PUPO-LEYVAS v. BEZY

Filing 101

ORDER - Court understands Mr. Pupo-Leyvas desire to be compensated for his horrific injuries, the undisputed evidence shows that Warden Bezy did not personally participate in any constitutional wrongdoing and was not deliberately indifferent to a sub stantial risk. Warden Bezys 80 Motion for Summary Judgment is GRANTED as to Mr. Pupo-Leyvas' claims against him in the warden's official and individual capacities. Warden Bezy's 88 Motion to Strike Mr. Martin's affidavit is DENIED as moot . Judgment will issue accordingly. (See Order for details). Signed by Judge Jane Magnus-Stinson on 9/3/2010. (service by US mail) (NKD)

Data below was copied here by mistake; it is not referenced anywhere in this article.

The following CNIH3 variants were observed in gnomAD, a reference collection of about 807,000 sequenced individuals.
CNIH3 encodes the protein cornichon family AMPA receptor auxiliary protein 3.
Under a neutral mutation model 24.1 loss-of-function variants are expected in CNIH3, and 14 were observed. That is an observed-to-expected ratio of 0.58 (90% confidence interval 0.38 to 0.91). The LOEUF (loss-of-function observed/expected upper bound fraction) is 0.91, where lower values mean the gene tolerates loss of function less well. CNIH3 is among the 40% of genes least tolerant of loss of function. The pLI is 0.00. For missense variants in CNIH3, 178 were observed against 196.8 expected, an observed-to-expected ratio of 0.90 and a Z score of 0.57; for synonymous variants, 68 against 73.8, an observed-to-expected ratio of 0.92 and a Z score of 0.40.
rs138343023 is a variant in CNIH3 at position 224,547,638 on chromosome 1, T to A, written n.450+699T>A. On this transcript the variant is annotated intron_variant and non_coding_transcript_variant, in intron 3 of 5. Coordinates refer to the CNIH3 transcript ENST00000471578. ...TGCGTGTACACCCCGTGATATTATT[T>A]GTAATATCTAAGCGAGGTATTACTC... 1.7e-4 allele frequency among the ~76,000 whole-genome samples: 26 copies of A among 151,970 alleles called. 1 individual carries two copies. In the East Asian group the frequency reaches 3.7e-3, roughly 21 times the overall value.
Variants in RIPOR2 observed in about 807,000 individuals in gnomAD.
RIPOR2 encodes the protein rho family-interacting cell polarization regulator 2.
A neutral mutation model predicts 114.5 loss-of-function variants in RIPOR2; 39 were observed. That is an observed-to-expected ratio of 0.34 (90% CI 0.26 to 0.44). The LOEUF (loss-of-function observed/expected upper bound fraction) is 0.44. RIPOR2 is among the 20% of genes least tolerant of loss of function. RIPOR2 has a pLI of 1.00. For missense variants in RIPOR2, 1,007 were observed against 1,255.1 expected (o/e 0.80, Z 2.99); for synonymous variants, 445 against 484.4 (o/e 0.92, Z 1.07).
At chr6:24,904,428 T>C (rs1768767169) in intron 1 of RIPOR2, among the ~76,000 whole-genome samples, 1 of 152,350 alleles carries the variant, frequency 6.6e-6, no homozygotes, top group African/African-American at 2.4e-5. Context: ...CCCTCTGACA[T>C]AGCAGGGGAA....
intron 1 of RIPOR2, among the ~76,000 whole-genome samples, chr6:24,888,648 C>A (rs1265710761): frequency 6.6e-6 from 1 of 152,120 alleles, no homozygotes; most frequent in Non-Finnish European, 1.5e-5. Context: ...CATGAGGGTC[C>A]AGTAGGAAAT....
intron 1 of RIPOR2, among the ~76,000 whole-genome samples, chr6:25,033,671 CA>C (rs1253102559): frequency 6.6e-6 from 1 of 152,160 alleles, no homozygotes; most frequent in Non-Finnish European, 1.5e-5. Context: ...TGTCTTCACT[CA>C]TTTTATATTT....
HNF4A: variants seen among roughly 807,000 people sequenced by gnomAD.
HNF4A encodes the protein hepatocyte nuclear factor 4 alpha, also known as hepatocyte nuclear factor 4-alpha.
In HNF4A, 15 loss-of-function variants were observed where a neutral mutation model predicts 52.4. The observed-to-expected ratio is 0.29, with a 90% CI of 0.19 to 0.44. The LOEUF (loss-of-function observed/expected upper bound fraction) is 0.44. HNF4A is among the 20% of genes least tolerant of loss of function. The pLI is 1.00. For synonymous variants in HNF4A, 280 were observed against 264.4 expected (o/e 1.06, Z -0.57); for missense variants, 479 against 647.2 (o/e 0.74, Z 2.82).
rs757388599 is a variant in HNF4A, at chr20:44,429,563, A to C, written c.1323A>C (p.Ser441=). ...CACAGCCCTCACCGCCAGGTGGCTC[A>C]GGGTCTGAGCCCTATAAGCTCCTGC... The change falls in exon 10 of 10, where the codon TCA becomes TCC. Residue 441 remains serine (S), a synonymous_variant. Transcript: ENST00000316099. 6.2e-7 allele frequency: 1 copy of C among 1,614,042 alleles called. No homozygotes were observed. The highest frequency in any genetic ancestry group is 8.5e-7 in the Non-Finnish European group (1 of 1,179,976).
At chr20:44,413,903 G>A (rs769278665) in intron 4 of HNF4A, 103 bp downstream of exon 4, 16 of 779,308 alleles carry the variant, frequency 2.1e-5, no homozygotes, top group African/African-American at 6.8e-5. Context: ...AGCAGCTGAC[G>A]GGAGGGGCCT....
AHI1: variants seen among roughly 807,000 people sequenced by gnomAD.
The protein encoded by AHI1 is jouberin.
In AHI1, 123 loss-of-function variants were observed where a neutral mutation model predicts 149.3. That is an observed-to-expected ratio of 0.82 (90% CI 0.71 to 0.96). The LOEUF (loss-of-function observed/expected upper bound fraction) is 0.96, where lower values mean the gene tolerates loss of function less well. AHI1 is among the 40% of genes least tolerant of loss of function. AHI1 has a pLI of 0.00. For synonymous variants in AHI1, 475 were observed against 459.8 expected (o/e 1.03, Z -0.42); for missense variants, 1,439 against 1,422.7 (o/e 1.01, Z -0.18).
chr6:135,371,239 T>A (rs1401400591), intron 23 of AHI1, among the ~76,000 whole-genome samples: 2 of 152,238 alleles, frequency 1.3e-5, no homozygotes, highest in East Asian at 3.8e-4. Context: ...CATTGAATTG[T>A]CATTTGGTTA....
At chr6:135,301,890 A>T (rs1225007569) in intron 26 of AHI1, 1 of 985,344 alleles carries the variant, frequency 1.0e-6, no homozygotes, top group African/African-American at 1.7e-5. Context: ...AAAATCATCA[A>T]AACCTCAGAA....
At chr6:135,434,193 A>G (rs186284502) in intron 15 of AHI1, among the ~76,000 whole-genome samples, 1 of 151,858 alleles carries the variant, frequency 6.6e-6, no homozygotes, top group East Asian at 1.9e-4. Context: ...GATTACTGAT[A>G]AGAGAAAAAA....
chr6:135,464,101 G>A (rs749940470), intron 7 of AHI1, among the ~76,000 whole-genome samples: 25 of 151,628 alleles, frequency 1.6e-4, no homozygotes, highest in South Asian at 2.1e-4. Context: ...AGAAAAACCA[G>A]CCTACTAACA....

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UNITED STATES DISTRICT COURT SOUTHERN DISTRICT OF INDIANA TERRE HAUTE DIVISION MANUEL PUPO-LEYVAS, Plaintiff, vs. MARK A. BEZY, IN HIS INDIVIDUAL AND OFFICIAL CAPACITIES, Defendant. ) ) ) ) ) ) ) ) 2:08-cv-00207-JMS-WGH ORDER Presently before the Court in this Bivens action is Defendant Mark A. Bezy's ("Warden Bezy") Motion for Summary Judgment (the "Motion"). [Dkt. 80.] At all relevant times, Warden Bezy served as the warden of the United States Penitentiary located in Terre Haute ("USP Terre Haute"), and Plaintiff Manuel Pupo-Leyvas was a federal inmate housed at that facility. A motion for summary judgment asks the Court to rule in favor of the moving party because there is no genuine issue surrounding any material fact and the moving party is entitled to judgment as a matter of law. Zerante v. DeLuca, 555 F.3d 582, 585 (7th Cir. 2009) (citing Fed. R. Civ. Pro. 56(c)). When considering a summary judgment motion, the Court must give the non-moving party the benefit of all reasonable inferences from the evidence submitted and resolve any doubt as to the existence of a genuine issue for trial against the moving party. Celotex Corp. v. Catrett, 477 U.S. 317, 330 n.2 (1986). The non-moving party must do more, however, than just demonstrate a factual disagreement between the parties; it must demonstrate that the disputed factual issue is "material." Outlaw v. Newkirk, 259 F.3d 833, 837 (7th Cir. 2001). Before the Court details the factual background of this case, it is necessary to remind Mr. Pupo-Leyvas' counsel that upon admission to this Court, counsel certified that "he or she has read and will abide by the Seventh Circuit Standards of Professional Conduct." L.R. 83.5. -1- Those standards provide, "We will not knowingly misrepresent, mischaracterize, misquote, or miscite facts or authorities in any oral or written communication to the court." Lawyers' Duties to the Court, Seventh Circuit Standards of Professional Conduct, available at http://www.ca7.uscourts.gov/Rules/rules.htm#standards. See also Fed. R. Civ. Pro. 11. On multiple occasions in the brief opposing summary judgment, Mr. Pupo-Leyvas' counsel took significant liberties with the designated evidence to attempt to create facts and inferences that are unsupported by the record. [See, e.g., dkt. 87 at 15 (citing dkt. 87-6 at 25 for the proposition that "officers regularly asked sober inmates to volunteer for breathalyzer tests" when the deponent expressly stated that the officer "didn't say that"); dkt. 87 at 20-21 (citing dkt. 8721 at 5 for the assertion that "correctional staff regularly ignored BOP and USP Terre Haute policies" when counsel acknowledged at the deposition that he understood that was "not [the officer's] practice"); see also footnote 2, infra (detailing improper citation to unrelated violent incident to support factual assertion regarding length of Pupo-Leyvas attack).] This malfeasance required Warden Bezy's counsel to spend four pages on reply painstakingly detailing the unsupported assertions Mr. Pupo-Leyvas' counsel made during briefing. [Dkt. 90 at 3-7.] The Court reminds counsel that under no circumstances is twisting the evidence or misrepresenting the record considered advocacy. FACTUAL BACKGROUND1 A. Attack on Mr. Pupo-Leyvas Mr. Pupo-Leyvas was a federal inmate at the USP Terre Haute from March 2003 through December 2005. [Dkt. 80-1 at 4.] During an intake screening in March 2005, Mr. Pupo-Leyvas was asked whether there was any reason he should not be placed in general population housing, 1 Unless otherwise noted, the facts that follow are undisputed and thus accepted as true for purposes of this Motion. -2- to which he responded "no." [Dkt. 80-1 at 31.] Mr. Pupo-Leyvas never requested protective custody or to be placed in the special housing unit. [Dkt. 80-1 at 28-30.] During an evening in May 2005, Mr. Pupo-Leyvas was in the common area of the E-1 Unit when he heard another inmate call to him from an upper level of the facility. [Dkt. 80-1 at 5, 6.] Mr. Pupo-Leyvas went upstairs and Jose Medina, the inmate who had called him, asked Mr. Pupo-Leyvas to enter a nearby cell. [Dkt. 80-1 at 8, 12.] Mr. Pupo-Leyvas was unafraid and voluntarily entered the cell. [Id.] Mr. Medina told Mr. Pupo-Leyvas that he needed to talk to him about something, and another inmate, Mario Lopez, entered the cell. [Dkt. 80-1 at 9.] Mr. Pupo-Leyvas believed that Mr. Medina and Mr. Lopez were intoxicated, although he did not see alcohol in the cell. [Dkt. 80-1 at 9-10.] Mr. Pupo-Leyvas had been housed with Mr. Medina and Mr. Lopez in a different unit the previous year and had never been threatened by either of them. [Dkt. 80-1 at 11-13.] Mr. Lopez immediately struck Mr. Pupo-Leyvas in the face upon entering the cell. [Dkt. 80-1 at 13.] Mr. Lopez put Mr. Pupo-Leyvas in a chokehold, and Mr. Medina tried to poke Mr. Pupo-Leyvas' eyes. [Dkt. 80-1 at 16-17.] While Mr. Lopez held Mr. Pupo-Leyvas in a chokehold, Mr. Medina removed Mr. Pupo-Leyvas' right eye with his finger. [Dkt. 80-1 at 20.] Mr. Lopez released Mr. Pupo-Leyvas in the doorway of the cell and fled after hitting Mr. PupoLeyvas one more time. 2 [Dkt. 80-1 at 21-22.] The parties dispute how long the attack lasted, but an inmate who witnessed the attack testified that it lasted for approximately one minute. [Dkt. 80-3 at 8-9.] The testimony Mr. Pupo-Leyvas cites to support his assertion that the attack lasted seven to ten minutes pertains to an unrelated attack that occurred at another USP facility three months before the incident at issue. [Dkt. 87 at 20 (citing Dkt. 90-1 at 12) (discussing an unrelated assault in February 2005 at another Terre Haute facility).] The exact length of the attack, however, is not a material fact for purposes of this Motion. -3- 2 Mr. Pupo-Leyvas lost consciousness and awoke in a hospital in Indianapolis. [Dkt. 80-1 at 22.] He believes that Mr. Medina and Mr. Lopez attacked him because he "said something" to them about an argument they had with another inmate over changing a television channel. [Dkt. 80-1 at 25.] B. Response to the Attack Mr. Pupo-Leyvas never informed Warden Bezy or any other officers that he feared Mr. Lopez or Mr. Medina before the attack. [Dkt. 80-1 at 29-30.] Correctional Officer Eric Jahn was on duty in the E-1 unit during the attack. [Dkt. 80-2 at 5.] Officer Jahn was in the unit office when he heard a scream and left the office to investigate. [Dkt. 80-2 at 13-14.] When Officer Jahn arrived, he saw inmates fighting in the doorway of a cell on the second floor and called for assistance on his radio. [Dkt. 80-2 at 14-15.] He observed Mr. Lopez holding Mr. Pupo-Leyvas in a headlock and Mr. Medina's thumb in Mr. Pupo-Leyvas' eye. [Dkt. 80-2 at 1718.] He ordered the men to stop the attack, and they stopped after kicking and punching Mr. Pupo-Leyvas additional times. [Dkt. 80-2 at 19-20.] Mr. Lopez and Mr. Medina tested positive for alcohol consumption after they were removed from the unit. [Dkt. 87-1 at 11.] Both men were disciplined and separated from Mr. Pupo-Leyvas for the remainder of his incarceration. [Dkt. 80-2 at 22; 80-1 at 31-32.] The Federal Bureau of Investigation investigated the attack. [Dkt. 87-1 at 11.] C. USP Terre Haute Policies Regarding Alcohol Prevention When mixed together and heated, items such as sugar, fruit-based juice, and a yeast base can ferment to form an alcoholic mixture. [Dkt. 80-9 at 9-10.] At the time of the Pupo-Leyvas attack, USP Terre Haute had policies and deterrence mechanisms in place aimed at preventing the production of alcohol, including staff training, periodic rounds, cell searches, pat-downs, -4- breathalyzers, and discipline for inmate intoxication. [Dkt. 80-1 at 34-35; 80-9 at 4-15.] Additional steps were taken to limit the production of alcohol, including removing washing machines, televisions, and phones from a unit where significant alcohol production was discovered, [dkt. 80-4 at 8], reminding staff to pat down food service workers as they exited the dining hall and to scan them with a metal detector, [dkt. 87-10 at 67; 87-19 at 2], and implementing a new policy further restricting inmate access to sugar and other items used to manufacture alcohol, [dkt. 80-4 at 9-10; 87-19 at 3]. If an inmate was found to be intoxicated, the inmate would receive an incident report, be sanctioned, and be put on a two-year monitoring program. [Dkt. 80-9 at 15.] Warden Bezy was not responsible for administering the alcohol policies. [Dkt. 80-9 at 4.] Administration of these policies, including staff training, was delegated to lower officers. [Dkt. 80-9 at 4-5; 80-8 at 1-2.] Some correctional officers failed to draft incident reports or discipline inmates when they found alcohol in a common area that was not attributable to a specific inmate. [Dkt. 87-11 at 12-13; 87-15 at 9-10; 87-16 at 6; 87-25 at 9.] Additionally, some inmates believed that certain correction officers gave informal resolutions to inmates who had consumed alcohol by ordering them to stay in their cells instead of writing them up and disciplining them. [Dkt. 87-6 at 36.] On the day of the Pupo-Leyvas attack, the correctional officers on duty conducted at least nine cell searches. [Dkt 87-13 at 25-26; 80-10 at 10-11.] Officer Phillip Ellis conducted four cell searches during his shift and discovered contraband in one of the cells that could be used to make alcohol. [Dkt. 87-13 at 25; 80-10 at 10-11.] Officer Jahn conducted five cell searches during his shift and discovered wine in one of the cells. [Dkt. 87-13 at 26.] He sent the inmates from that cell to the Special Housing Unit to receive breathalyzer tests, notified the lieutenant's office, and wrote an incident report. [Dkt. 80-2 at 7-10.] -5- DISCUSSION A. Allegations Against Warden Bezy Mr. Pupo-Leyvas alleges that Warden Bezy "could have prevented this assault, but failed to do so by deliberately ignoring obvious risks to inmates at the USP Terre Haute from the rampant alcohol abuse and concomitant violence." [Dkt. 87 at 8.] Mr. Pupo-Leyvas emphasizes that he is bringing a prison conditions claim against Warden Bezy because "[h]ad Bezy taken reasonable measures to control the rampant alcohol manufacture, consumption, and sale at the USP Terre Haute--as he was required to do--Pupo-Leyvas would not have been assaulted." 3 [Id.] Mr. Pupo-Leyvas brings this action against Warden Bezy pursuant to Bivens v. Six Unknown Named Agents, 403 U.S. 388 (1971), alleging that Warden Bezy violated his Eighth Amendment right to be free from cruel and unusual punishment. Bivens authorizes the filing of constitutional tort suits against federal officers "in much the same way that 42 U.S.C. 1983 authorizes such suits against state officers." King v. Fed. Bureau of Prisons, 415 F.3d 634, 636 (7th Cir. 2005). The Eighth Amendment imposes a duty on prison officials "to protect prisoners from violence at the hands of other prisoners." Farmer v. Brennan, 511 U.S. 825, 833 (1994). However, "a prison official does not violate the Eighth Amendment every time an inmate is attacked by another inmate. Prisons, after all, are dangerous places often full of people who have demonstrated aggression." Dale v. Poston, 548 F.3d 563, 569 (7th Cir. 2008). To prevail on a claim based on constitutionally violative prison conditions, Mr. PupoLeyvas must show that (1) the conditions in the prison were objectively sufficiently serious so Mr. Pupo-Leyvas sued Warden Bezy in his official and individual capacities. In the Motion, Warden Bezy argues that Mr. Pupo-Leyvas' official capacity clams are barred by the doctrine of sovereign immunity. [Dkt. 81 at 9-10.] Mr. Pupo-Leyvas agrees and "respectfully withdraws his claims against Bezy in his official capacity." [Dkt. 87 at 24.] Accordingly, the Court grants summary judgment in favor of Warden Bezy on Mr. Pupo-Leyvas' claims against Warden Bezy in his official capacity. -63 that a prison official's act or omission resulted in the denial of the minimal civilized measure of life's necessities, and (2) prison officials acted with deliberate indifference to those conditions. Townsend v. Fuchs, 522 F.3d 765, 773 (7th Cir. 2008) (citations omitted). B. Personal Involvement Mr. Pupo-Leyvas concedes that Warden Bezy can only be liable if he personally participated in the constitutional wrongdoing. [Dkt. 87 at 25.] He argues, however, that Warden Bezy personally participated in alleged systemic failures at USP Terre Haute by "failing to maintain a safe and secure institution where inmates and staff did not habitually violate the alcohol policies." [Id.] "A prisoner may not attribute any of his constitutional claims to higher officials by the doctrine of respondeat superior; the official must actually have participated in the constitutional wrongdoing." Antonelli v. Sheahan, 81 F.3d 1422, 1428 (7th Cir. 1996) (citation omitted). An official satisfies the personal responsibility requirement "if the conduct causing the constitutional deprivation occurs at his direction or with his knowledge and consent." Gentry v. Duckworth, 65 F.3d 555, 561 (7th Cir. 1995). He "must know about the conduct and facilitate it, approve it, condone it, or [ignore it]. In short, some causal connection or affirmative link between the action complained about and the official sued is necessary . . . ." Id. The Seventh Circuit looks with skepticism on claims that wardens ordinarily possess sufficient personal involvement for constitutional liability to attach. Duncan v. Duckworth, 644 F.2d 653, 656 (7th Cir. 1981) ("It is doubtful that a prison warden would be directly involved in the day-to-day operation of the prison . . . such that he would have personally participated in, or have knowledge of, the kinds of decisions that led to [the constitutional violation]."). -7- Mr. Pupo-Leyvas presents no evidence that Warden Bezy facilitated, approved, or condoned the manufacture of alcohol at USP Terre Haute. Instead, the undisputed evidence shows that USP Terre Haute had alcohol prevention policies and that Warden Bezy delegated the dayto-day implementation of those policies to lower officers. [Dkt. 80-9 at 4-5, 80-8 at 1-2.] Although the evidence viewed in the light most favorable to Mr. Pupo-Leyvas shows that some correctional guards may have ignored policies on occasion, there is absolutely no evidence that Warden Bezy did anything to facilitate, approve, or condone ignoring the policies or the manufacture of alcohol at USP Terre Haute. Mr. Pupo-Leyvas maintains that he is not asserting a respondeat superior claim against Warden Bezy, but he is, in fact, trying to hold Warden Bezy liable for the alleged failures of his subordinates. This is not a cognizable theory of recovery in a Bivens action. Antonelli, 81 F.3d at 1428; Ashcroft v. Iqbal, 129 S.Ct. 1937, 1949 (2009) ("In a 1983 suit or a Bivens action-- where masters do not answer for the torts of their servants--the term `supervisory liability' is a misnomer. Absent vicarious liability, each Government official, his or her title notwithstanding, is only liable for his or her own misconduct."); see also Iqbal, 129 S.Ct. at 1955 (Souter, J., dissenting) (noting that the majority opinion "does away with supervisory liability under Bivens"). Mr. Pupo-Leyvas has not presented any evidence of the causal link between Warden Bezy and the constitutional deprivation of which he complains. Gentry, 65 F.3d at 561. Therefore, Mr. Pupo-Leyvas' claim against Warden Bezy cannot survive summary judgment. C. Deliberate Indifference Even if Mr. Pupo-Leyvas could establish Warden Bezy's personal involvement in the alleged constitutional violation, Mr. Pupo-Leyvas' claim against Warden Bezy also fails because there is no evidence that Warden Bezy acted with deliberate indifference. Deliberate indiffe- -8- rence requires Mr. Pupo-Leyvas to establish two elements. First, he must objectively show that he was incarcerated under conditions posing a "substantial risk of serious harm." Palmer v. Marion County, 327 F.3d 588, 593 (7th Cir. 2003). Second, he must establish that Warden Bezy had knowledge of and disregarded the risk to his safety. Id. For purposes of this Motion, the Court will assume without deciding that Mr. PupoLeyvas has satisfied the first prong of the deliberate indifference inquiry--that he was incarcerated in conditions posing a substantial risk of harm. The second prong, however, presents a greater challenge to Mr. Pupo-Leyvas because the inquiry is not whether Warden Bezy should have known about safety risks but whether Warden Bezy did know and was deliberately indifferent to those risks. Grieveson v. Anderson, 538 F.3d 763, 775 (7th Cir. 2008). The deliberate indifference standard "imposes a high hurdle for a plaintiff to overcome." Peate v. McCann, 294 F.3d 879, 882 (7th Cir. 2002). Mr. Pupo-Leyvas does not dispute that Warden Bezy was unaware of any specific risk that Mr. Lopez and Mr. Medina posed to Mr. Pupo-Leyvas. [Dkt. 87 at 33.] This is an unsurprising concession, considering that Mr. Pupo-Leyvas himself testified that he did not perceive any risk from Mr. Lopez or Mr. Medina when he voluntarily entered their cell without fear the evening of the attack. [Dkt. 80-1 at 8, 12.] Mr. Pupo-Leyvas argues, however, that the requisite level of knowledge can be imputed to Warden Bezy because he "knew the alcohol abuse at the institution created such unreasonably dangerous conditions that an inmate was bound to be assaulted and, in fact, inmates frequently were assaulted." [Dkt. 87 at 33.] An official cannot escape liability by showing that he was unaware that a specific individual was likely to be assaulted. Farmer, 511 U.S. at 842-43. In fact, an official's knowledge of a substantial risk may be inferred from the obviousness of the risk. Higgins v. Corr. Med. -9- Services of Ill., Inc., 178 F.3d 508, 511 (7th Cir. 1999). "Examples of obvious risks involving inmate violence include when a substantial risk of inmate attacks was longstanding, pervasive, well-documented, or expressly noted by prison officials in the past." Washington v. LaPorte County Sheriff's Dep't, 306 F.3d 515, 519 (7th Cir. 2002). The evidence designated on summary judgment is insufficient to create an issue of material fact regarding Warden Bezy's knowledge of an obvious risk. Mr. Pupo-Leyvas has designated evidence of only one alcohol-related violent attack that occurred in February 2005--three months before his attack.4 [Dkt. 87-18.] This is insufficient to show that Warden Bezy had knowledge of an obvious risk because a "plaintiff must demonstrate a pervasive risk of harm; a single incident does not demonstrate deliberate indifference." James v. Milwaukee County, 956 F.2d 696 (7th Cir. 1992) (citation omitted). And even if the violent incident that preceded the Pupo-Leyvas attack was sufficient to establish knowledge of a pervasive risk, that attack occurred at a different USP facility and, therefore, is not directly relevant. See Merriweather v. Marion County Sheriff, 368 F. Supp. 2d 875, 887 (S.D. Ind. 2005) (rejecting plaintiff's evidence "relate[d] to other section of the Jail" because it was not directly relevant to show an official's knowledge for purposes of deliberate indifference standard). Finally, even if the Court assumes for the sake of the argument that Mr. Pupo-Leyvas presented sufficient evidence to create an issue of material fact regarding Warden Bezy's knowledge of an obvious risk, the undisputed evidence shows that Warden Bezy did not act with deliberate indifference. Proving deliberate indifference requires more than a showing of negligence Mr. Pupo-Leyvas asserts that there were twenty-two additional "alcohol incidents" during the year preceding his attack. [Dkt. 87 at 13.] He admits, however, that he did not designate documents supporting that assertion "[d]ue to their voluminous nature." [Id.] Evidence not designated to the Court cannot be properly argued. Hrobowski v. Worthington Steel Co., 358 F.3d 473, 478 (7th Cir. 2004). Moreover, there is no evidence that those incidents resulted in inmate violence; therefore, they do not establish knowledge of an obvious risk. - 10 4 or even gross negligence; the officer must have acted with the equivalent of criminal recklessness. Fisher v. Lovejoy, 414 F.3d 659, 662 (7th Cir. 2005); see O'Malley v. Litscher, 465 F.3d 799, 806 (7th Cir. 2006) (defining the criminal recklessness standard for purposes of deliberate indifference as "ignoring a known risk"). "Indeed, an officer who actually knew of a substantial risk to a detainee's safety is free from liability if he responded reasonably to the risk, even if the harm ultimately was not averted, because in that case it cannot be said that he was deliberately indifferent." Id. The undisputed evidence shows that USP Terre Haute had alcohol prevention policies in place and that Warden Bezy took action after the February 2005 attack at the other facility to prevent future alcohol-induced violent attacks. [Dkt. 80-4 at 9-10, 87-19 at 3.] That facility was placed on lockdown, the Special Investigative Section investigated the incident, the assailants were placed in the Special Housing Unit and ultimately sanctioned, and the matter was referred to the Federal Bureau of Investigation. [Dkt. 87-18.] Additionally, a new policy was implemented to further restrict inmate access to sugar and other items used to manufacture alcohol. [Dkt. 80-4 at 9-10; 87-19 at 3]. Although Mr. Pupo-Leyvas argues that "[Warden] Bezy's actions were akin to trying to put out a three-alarm fire with a garden hose," [dkt. 87 at 35], the existence or possibility of other policies that could have been used does not establish deliberate indifference, Butera v. Cottey, 285 F.3d 601, 608-09 (7th Cir. 2002).5 Mr. Pupo-Leyvas designated an affidavit from an independent consultant, Mr. Martin, to support his opposition to Warden Bezy's Motion. [Dkt. 87-34.] Warden Bezy filed a Motion to Strike Mr. Martin's affidavit, arguing that it is inadmissible, not based on any articulated theory, methodology, or standards, and contains legal conclusions. [Dkt. 88, 89.] After reviewing Mr. Martin's affidavit, the Court concludes that, at most, Mr. Martin's affidavit establishes that Warden Bezy acted with gross negligence, which is insufficient to establish liability on an Eighth Amendment claim. Fisher, 414 F.3d at 662. In other words, Warden Bezy is entitled to summary judgment regardless of the admissibility of Mr. Martin's affidavit. The Court, therefore, denies Warden Bezy's Motion to Strike as moot. - 11 - 5 While the Court agrees that preventing inmate-on-inmate violence should be a high priority for prison officials, nothing in the record suggests that Warden Bezy acted with the requisite mens rea to be deliberately indifferent to the risks at USP Terre Haute. "[A] prison official does not violate the Eighth Amendment every time an inmate is attacked by another inmate." Dale, 548 F.3d at 569. There is no evidence that Warden Bezy ignored a substantial risk of serious harm or acted with deliberate indifference. Therefore, this Court grants summary judgment in favor of Warden Bezy on Mr. Pupo-Leyvas' claims against him in his individual capacity. CONCLUSION The gruesome attack on Mr. Pupo-Leyvas was extremely unfortunate. Although the Court understands his desire to be compensated for his horrific injuries, the undisputed evidence shows that Warden Bezy did not personally participate in any constitutional wrongdoing and was not deliberately indifferent to a substantial risk. Warden Bezy's Motion for Summary Judgment is GRANTED as to Mr. Pupo-Leyvas' claims against him in the warden's official and individual capacities. Warden Bezy's Motion to Strike Mr. Martin's affidavit is DENIED as moot. Judgment will issue accordingly. So ordered.6 09/03/2010 _______________________________ Hon. Jane Magnus-Stinson, Judge United States District Court Southern District of Indiana Mr. Pupo-Leyvas has also filed a claim against the United States of America under the Federal Tort Claims Act, and that case is docketed as 2:08-cv-00344-JMS-WGH. The Court acknowledges that the United States has moved for summary judgment on Mr. Pupo-Leyvas' claims in that case. The motion remains under advisement. - 12 - 6 Distribution via US Mail: David Roy Nelson Steptoe & Johnson LLP 201 E Washington St Ste 1600 Phoenix, AZ 85004-2382 Distribution via ECF only: Scott T. Bielicki STEPTOE & JOHNSON LLP sbielicki@steptoe.com Philip J. Fornaci WASHINGTON LAWYERS' COMMITTEE FOR CIVIL RIGHTS & URBAN philip_fornaci@washlaw.org Sarah D. Gordon STEPTOE & JOHNSON LLP sgordon@steptoe.com Thomas E. Kieper UNITED STATES ATTORNEY'S OFFICE tom.kieper@usdoj.gov Suzanne Dallas Reider STEPTOE & JOHNSON LLP sreider@steptoe.com James Elmer Rocap III STEPTOE & JOHNSON LLP jrocap@steptoe.com Shelese M. Woods UNITED STATES ATTORNEY'S OFFICE shelese.woods@usdoj.gov - 13 -